Try this quiz on causes of dysphagia!
Reviewed by: awaiting review
Approach to the patient with dysphagia
Stem 1, question 1 of 5
Hyacinth, a 66 year old female, presents to her GP with 4 month history of difficulty swallowing.Which of the following is NOT a risk factor for gastro-oesophageal reflux disease (GORD)?
Stem 1, question 2 of 5
The GP performs some blood tests with the following report: Iron deficiency anaemia. No other abnormalities detectedWhat is the most likely cause of Hyacinth's dysphagia?
Gastro-oesophageal reflux disease
Stem 1, question 3 of 5
5 years later Hyacinth returns with dysphagia. Her PMH includes an MI 3 years ago and she takes aspirin, atorvastatin, furosemide and amlodipine. Examination reveals displaced apex beat and pitting oedema to mid calf.What anatomical relation of the oesophagus is the cause of Hyacinth's dysphagia?
Stem 1, question 4 of 5GORD can be treated with a proton pump inhibitor. Which of the following is a proton pump inhibitor (PPI)?
Stem 1, question 5 of 5What is a complication of Gastro-oesophageal reflux?
Stem 2, question 1 of 3
Benedict, a 54 year old male, presents with a 6 month history of heartburn, regurgitation and dysphagia unrelated to food. He has intermittent dysphagia to both solids and liquids. He describes a "gurgling" sound in his chestWhat is the most likely diagnosis?
Stem 2, question 2 of 3
Benedict is referred for further investigationsWhat is the most likely investigation result for Benedict?
Positive Acetylcholine receptor antibody assay
Upper GI endoscopy with mucosa obscured by retained salvia with frothy appearance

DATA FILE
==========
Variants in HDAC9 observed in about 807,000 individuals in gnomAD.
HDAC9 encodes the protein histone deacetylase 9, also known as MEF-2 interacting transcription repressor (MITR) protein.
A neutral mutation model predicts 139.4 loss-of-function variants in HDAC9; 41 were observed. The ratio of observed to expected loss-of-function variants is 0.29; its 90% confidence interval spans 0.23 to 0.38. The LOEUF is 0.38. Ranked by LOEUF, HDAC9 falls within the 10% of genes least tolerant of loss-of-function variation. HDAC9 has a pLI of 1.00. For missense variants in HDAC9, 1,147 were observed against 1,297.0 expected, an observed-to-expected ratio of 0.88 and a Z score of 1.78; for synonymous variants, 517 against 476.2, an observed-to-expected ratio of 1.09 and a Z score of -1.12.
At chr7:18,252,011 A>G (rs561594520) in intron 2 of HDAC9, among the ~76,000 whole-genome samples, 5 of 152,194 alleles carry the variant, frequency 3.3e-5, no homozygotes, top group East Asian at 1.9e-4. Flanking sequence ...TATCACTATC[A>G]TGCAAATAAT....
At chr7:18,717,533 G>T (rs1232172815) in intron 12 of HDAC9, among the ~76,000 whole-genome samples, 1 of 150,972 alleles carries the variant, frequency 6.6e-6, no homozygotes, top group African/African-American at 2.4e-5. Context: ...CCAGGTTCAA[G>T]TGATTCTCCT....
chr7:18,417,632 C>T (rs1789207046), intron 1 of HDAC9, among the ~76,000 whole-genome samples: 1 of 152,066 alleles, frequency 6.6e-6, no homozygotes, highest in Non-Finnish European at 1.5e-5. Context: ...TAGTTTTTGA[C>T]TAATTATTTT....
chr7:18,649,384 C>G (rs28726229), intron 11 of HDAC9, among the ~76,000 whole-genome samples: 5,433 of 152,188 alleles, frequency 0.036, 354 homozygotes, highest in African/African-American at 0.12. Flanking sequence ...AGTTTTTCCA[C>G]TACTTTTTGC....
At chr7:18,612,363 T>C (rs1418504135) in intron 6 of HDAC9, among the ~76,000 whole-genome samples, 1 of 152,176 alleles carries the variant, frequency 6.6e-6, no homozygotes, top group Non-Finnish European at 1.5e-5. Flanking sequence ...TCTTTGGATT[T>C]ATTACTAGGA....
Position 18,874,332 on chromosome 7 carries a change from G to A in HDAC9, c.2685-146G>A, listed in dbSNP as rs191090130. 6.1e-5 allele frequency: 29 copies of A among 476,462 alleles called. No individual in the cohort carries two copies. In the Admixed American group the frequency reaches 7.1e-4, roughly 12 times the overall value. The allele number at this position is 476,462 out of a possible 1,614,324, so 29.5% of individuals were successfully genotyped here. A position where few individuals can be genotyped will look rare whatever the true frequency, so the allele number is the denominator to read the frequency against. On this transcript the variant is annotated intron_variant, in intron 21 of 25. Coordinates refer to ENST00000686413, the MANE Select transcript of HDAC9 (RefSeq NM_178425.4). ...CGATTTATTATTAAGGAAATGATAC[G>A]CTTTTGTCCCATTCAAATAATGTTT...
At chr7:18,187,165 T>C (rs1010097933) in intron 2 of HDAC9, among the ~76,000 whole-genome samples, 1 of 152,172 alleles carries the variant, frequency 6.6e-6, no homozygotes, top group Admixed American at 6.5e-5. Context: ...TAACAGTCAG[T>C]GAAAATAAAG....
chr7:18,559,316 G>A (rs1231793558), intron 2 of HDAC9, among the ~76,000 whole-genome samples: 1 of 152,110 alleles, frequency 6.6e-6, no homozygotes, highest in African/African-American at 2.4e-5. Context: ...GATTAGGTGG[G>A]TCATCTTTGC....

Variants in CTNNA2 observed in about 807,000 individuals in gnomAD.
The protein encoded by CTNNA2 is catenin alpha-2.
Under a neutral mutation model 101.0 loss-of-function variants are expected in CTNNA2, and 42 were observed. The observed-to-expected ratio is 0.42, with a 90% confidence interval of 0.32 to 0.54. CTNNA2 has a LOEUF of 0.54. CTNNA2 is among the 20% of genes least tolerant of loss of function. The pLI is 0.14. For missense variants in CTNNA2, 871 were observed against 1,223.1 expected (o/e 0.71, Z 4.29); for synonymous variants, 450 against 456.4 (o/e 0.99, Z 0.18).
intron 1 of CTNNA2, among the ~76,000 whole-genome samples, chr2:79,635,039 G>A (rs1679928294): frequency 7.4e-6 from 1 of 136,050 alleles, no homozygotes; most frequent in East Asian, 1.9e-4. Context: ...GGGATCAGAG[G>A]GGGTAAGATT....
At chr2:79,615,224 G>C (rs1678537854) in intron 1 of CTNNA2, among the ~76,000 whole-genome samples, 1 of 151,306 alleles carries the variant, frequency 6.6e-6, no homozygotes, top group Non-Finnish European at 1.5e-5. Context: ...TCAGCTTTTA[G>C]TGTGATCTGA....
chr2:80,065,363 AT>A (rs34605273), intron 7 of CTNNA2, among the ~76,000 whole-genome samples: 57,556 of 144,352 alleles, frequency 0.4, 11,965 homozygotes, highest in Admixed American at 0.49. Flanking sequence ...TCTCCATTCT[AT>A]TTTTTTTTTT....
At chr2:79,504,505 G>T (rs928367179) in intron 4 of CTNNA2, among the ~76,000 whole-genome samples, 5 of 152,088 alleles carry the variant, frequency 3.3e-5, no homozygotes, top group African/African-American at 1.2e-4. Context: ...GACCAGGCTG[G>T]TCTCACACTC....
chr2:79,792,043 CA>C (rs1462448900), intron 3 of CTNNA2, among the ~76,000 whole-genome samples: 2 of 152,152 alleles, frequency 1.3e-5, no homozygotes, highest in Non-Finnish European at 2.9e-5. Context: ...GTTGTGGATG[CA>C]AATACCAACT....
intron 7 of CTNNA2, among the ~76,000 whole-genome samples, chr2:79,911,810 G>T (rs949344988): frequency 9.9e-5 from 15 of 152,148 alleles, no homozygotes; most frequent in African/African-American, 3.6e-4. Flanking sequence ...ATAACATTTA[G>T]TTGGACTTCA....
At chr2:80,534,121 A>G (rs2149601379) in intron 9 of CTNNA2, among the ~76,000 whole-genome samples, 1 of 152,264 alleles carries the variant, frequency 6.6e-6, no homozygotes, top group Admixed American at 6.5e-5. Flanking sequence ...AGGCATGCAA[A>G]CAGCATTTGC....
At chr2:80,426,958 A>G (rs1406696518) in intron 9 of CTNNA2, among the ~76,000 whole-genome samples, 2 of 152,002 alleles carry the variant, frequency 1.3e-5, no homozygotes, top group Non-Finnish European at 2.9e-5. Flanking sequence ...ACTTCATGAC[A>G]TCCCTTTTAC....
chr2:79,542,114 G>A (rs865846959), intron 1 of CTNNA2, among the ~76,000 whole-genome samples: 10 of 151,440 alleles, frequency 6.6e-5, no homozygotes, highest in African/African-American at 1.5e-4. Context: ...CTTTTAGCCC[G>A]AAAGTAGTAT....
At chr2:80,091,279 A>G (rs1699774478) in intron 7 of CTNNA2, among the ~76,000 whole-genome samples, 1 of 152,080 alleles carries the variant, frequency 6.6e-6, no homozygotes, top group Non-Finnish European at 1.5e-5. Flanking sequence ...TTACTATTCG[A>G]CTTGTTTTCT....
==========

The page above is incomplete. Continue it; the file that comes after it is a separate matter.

Thin protections off anterior surface of post cricoid oesophagus seen on endoscopy
Low lower oesophageal sphincter pressure on manometry
Mediastinal mass seen on CT chest
Stem 2, question 3 of 3What causes achalasia?
Functional and structural abnormalities of small blood vessels, fibrosis of skin and internal organs and production of auto-antibodies
Symptoms or complications resulting from the reflux of gastric contents into the oesophagus or beyond into the oral cavity or lung
An abnormal narrowing of the oesophageal lumen
A chronic autoimmune disorder of the post synaptic membrane at the neuromuscular junction in skeletal muscle
Loss of oesophageal peristalsis and failure of the lower oesophageal sphincter to relax in response to swallowing
Daphne presents to her GP with dysphagia, muscle weakness and ptosis. She reports the symptoms worsen throughout the dayWhich of the following drugs will treat her condition?
Eloise is diagnosed with scleroderma following episodes of dysphagiaWhich of the following is NOT a treatment option for scleroderma related dysphagia?